Welcome to the Caregiver’s Companion
Isolation is a precursor to extinction. Perhaps, to most of us, the word extinction is benign, in that it historically has applied to dinosaurs, woolly mammoths and other creatures that we’ve never seen. While many of us lovingly concern ourselves with the real importance of preserving certain animals, wildlife, etc., we blindly accept and participate in a well-ingrained, social system of human isolationism that encourages, and too frequently dictates, the extinction of millions of our brothers and sisters.
Caregiving is an act of love as old as life itself. Since the dawn of humanity, wife has cared for husband, mother has cared for her children, and daughter has cared for her parents. Although today, more husbands, fathers, and sons are lovingly taking some of these responsibilities, the woman in the family still, most often, assumes the role of Caregiving. This is a role that we choose, most of us without hesitation, because we love our families and we want their lives to be full and peaceful and dignified, as they should be. And when their lives pass from this one to the next, we want to be with them, in the comfort of home. Until recently, wanting that for our loved ones was an expected desire. Today, however, a terrible thing has happened.
We have insidiously been stripped of our basic right: to love and care for each other at home. Most Americans Take pride in the belief that ours is the most civilized nation in the world. Yet, we have allowed the development and implementation of a barbaric practice of ignoring many millions of our citizens who simply insist on loving their families. And worse, this practice of isolationism is punitive. Not only are families not supported by the healthcare and financial systems, we are harshly devalued and, in a very real sense, punished for simply doing what we know is right. This practice is unacceptable. And we, as empowered lovers of the Earth and Her people, must find the means to abolish this anti-human policy or accept our own extinction. We must feel worthy of life.
Alzheimer’s disease killed Sara Oliver DuPre, the grandmother who reared me and my siblings (we called her GaSara), and it almost killed me. She was one of over 100,000 beautiful people who died with Alzheimer’s in 1994. Following that one year alone, I became one of the more than 300,000 Caregivers for those persons, who was left to rebuild a life for herself. I consider myself a Caregiver in Recovery because, even 23 years after GaSara’s escape, my healing continues.
An important part of my recovery, which in many ways began years before GaSara’s physical death, has been coping with my unnecessary anger and guilt. Learning how to turn my anger into action developed into a passion for me and has been empowering in my process to heal. I encourage all Caregivers to allow this passion to develop within themselves.
My experience is with Alzheimer’s disease and, accordingly, I write from that experience. The Alzheimer’s Association has released it’s 2017 Alzheimer’s Disease Facts and Figures report. Alzheimer’s, alone, currently afflicts more than five million Americans and is the sixth leading cause of death in the United States. By 2050, the Association projects that the number of people with the disease could rise to as many as 16 million. Furthermore, 15 million loving Americans provided unpaid care for persons with Alzheimer’s and related dementias in 2016, providing an estimated 18.2 billion hours of care, valued at over $230 billion. And more than a third of those Caregivers report that their health has deteriorated due to those Care responsibilities. They say that the cost to families will increase to $259 billion in 2017. According to the Alzheimer’s Association, the disease kills more Americans than breast cancer and prostate cancer combined. http://www.alz.org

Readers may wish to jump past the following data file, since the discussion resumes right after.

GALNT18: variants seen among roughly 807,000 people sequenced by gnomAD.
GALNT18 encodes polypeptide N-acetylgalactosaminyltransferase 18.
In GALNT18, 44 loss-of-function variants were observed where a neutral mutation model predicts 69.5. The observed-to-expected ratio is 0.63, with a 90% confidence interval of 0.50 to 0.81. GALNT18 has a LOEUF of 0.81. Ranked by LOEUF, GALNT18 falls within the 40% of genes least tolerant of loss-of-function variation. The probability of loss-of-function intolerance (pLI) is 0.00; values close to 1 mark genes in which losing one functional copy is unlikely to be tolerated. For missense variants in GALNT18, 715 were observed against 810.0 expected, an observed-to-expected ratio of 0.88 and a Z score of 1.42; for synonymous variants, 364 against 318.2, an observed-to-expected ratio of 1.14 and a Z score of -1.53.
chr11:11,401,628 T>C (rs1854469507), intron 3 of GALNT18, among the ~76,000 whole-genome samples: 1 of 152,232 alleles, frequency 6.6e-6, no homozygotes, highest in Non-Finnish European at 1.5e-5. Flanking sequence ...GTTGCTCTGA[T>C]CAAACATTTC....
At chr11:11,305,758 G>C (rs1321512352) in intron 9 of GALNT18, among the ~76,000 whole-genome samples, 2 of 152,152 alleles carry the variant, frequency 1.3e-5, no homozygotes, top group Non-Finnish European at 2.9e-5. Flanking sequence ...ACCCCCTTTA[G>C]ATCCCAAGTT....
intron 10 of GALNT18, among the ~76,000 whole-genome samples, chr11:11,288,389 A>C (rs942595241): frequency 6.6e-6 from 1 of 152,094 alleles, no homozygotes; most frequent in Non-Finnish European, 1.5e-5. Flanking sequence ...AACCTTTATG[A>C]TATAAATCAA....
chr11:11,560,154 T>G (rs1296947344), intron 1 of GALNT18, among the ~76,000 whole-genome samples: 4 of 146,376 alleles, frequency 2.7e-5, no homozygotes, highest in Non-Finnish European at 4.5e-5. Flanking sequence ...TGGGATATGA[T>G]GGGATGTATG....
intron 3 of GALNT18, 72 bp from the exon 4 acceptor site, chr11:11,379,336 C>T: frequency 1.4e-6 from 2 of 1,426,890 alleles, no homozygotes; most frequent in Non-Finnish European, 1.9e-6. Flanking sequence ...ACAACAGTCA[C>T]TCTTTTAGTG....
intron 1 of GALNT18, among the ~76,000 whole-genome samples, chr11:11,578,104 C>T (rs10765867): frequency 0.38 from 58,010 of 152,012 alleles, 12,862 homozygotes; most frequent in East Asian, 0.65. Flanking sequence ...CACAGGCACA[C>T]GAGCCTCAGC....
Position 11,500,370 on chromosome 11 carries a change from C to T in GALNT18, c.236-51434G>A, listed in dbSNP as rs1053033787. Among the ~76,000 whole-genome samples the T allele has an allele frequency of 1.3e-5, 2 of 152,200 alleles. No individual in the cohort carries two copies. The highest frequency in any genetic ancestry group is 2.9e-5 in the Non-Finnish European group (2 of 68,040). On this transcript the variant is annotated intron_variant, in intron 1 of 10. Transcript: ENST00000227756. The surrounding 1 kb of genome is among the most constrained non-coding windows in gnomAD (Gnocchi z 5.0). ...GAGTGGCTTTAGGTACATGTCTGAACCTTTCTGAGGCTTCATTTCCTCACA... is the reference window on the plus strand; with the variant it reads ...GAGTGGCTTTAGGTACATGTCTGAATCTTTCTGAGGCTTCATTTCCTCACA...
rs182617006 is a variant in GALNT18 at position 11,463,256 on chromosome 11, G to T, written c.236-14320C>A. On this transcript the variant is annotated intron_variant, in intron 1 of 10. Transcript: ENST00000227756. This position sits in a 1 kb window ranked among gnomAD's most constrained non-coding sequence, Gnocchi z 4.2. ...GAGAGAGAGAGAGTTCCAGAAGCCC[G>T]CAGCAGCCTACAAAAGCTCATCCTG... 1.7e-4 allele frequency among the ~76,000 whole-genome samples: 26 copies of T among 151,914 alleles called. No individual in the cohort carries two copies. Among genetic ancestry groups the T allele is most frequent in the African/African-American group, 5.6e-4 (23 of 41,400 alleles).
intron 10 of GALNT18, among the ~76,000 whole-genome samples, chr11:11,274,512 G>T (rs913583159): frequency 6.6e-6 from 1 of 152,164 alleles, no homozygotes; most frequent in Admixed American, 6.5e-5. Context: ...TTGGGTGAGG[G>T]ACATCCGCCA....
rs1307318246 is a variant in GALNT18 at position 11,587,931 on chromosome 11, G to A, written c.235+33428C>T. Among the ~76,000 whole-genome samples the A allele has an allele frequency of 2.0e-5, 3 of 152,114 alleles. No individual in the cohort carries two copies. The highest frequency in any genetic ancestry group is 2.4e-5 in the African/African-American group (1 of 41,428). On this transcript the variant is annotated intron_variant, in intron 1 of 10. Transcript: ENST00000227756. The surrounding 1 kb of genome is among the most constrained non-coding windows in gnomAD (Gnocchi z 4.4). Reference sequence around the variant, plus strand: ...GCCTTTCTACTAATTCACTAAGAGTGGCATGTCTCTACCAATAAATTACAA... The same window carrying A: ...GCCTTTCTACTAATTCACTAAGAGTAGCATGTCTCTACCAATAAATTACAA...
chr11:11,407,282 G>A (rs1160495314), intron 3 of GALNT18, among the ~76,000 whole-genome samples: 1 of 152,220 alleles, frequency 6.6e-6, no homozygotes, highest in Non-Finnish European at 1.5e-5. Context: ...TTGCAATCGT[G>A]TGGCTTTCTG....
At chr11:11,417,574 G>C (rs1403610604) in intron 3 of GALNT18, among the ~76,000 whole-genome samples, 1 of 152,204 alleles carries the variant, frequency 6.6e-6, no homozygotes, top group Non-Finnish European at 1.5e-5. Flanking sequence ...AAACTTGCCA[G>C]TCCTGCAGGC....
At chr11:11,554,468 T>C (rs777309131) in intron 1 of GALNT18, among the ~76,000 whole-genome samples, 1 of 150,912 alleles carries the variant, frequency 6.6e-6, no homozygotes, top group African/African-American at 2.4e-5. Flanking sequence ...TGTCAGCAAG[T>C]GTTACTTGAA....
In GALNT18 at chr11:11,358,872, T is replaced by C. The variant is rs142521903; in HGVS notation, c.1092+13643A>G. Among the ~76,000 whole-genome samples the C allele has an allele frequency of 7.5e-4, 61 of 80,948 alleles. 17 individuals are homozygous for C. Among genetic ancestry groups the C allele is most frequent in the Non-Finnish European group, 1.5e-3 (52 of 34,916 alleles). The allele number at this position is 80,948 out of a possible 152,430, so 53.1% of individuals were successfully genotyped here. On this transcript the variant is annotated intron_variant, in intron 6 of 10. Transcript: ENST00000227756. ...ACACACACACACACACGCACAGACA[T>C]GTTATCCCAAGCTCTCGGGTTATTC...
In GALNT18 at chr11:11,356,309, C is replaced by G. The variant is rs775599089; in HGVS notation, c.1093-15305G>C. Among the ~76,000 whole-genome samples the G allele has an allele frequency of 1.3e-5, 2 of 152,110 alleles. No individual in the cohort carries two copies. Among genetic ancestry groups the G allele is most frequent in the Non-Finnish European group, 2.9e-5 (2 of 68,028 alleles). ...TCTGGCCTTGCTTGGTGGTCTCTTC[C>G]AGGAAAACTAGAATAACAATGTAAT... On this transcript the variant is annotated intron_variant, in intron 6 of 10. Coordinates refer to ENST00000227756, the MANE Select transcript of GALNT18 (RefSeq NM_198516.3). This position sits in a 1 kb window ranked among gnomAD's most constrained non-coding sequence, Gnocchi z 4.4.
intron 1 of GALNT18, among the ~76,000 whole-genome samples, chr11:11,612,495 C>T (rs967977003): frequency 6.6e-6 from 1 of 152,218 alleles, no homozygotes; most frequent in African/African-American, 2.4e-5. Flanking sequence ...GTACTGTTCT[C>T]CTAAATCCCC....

Millions more of our people are afflicted with related dementias, due to stroke damage, Acquired Immune Deficiency (AIDS) HIV Complex Disorder and many with Parkinson’s disease. And many more are physically or cognitively dependent on others to care for them due to Post Traumatic Stress Disorder (PTSD), Amyotrophic Lateral Sclerosis (ALS), also known as Lou Gehrig’s Disease, Lewy Body Dementia, Traumatic Brain Injury and a growing number of other dementia-related afflictions, like Chronic Traumatic Encephalopathy (CTE).
While Caregiver respite programs have grown significantly over the past two decades, still, neither insurance, Medicare nor Medicaid cover most costs associated with the provision of activities of daily living (ADLs) to the patient, which are most vital to dementia Caregiving and financially devastating to families.
For these millions who suffer with these horribly debilitating illnesses, there are many more millions of Caregivers selflessly giving up their own lives and other relationships, tortured by the ceaseless decline of their loved ones, and forced into a deeply painful place of isolation and despair. And most of us, at some point, reluctantly accept that we are alone.
These are the very special people to whom this website wishes to welcome. Despite what the system tells you, You are not alone …
Please join me here, where I’ll share some of my stories and hopefully you’ll feel free to share some of yours. And let’s feel welcome together.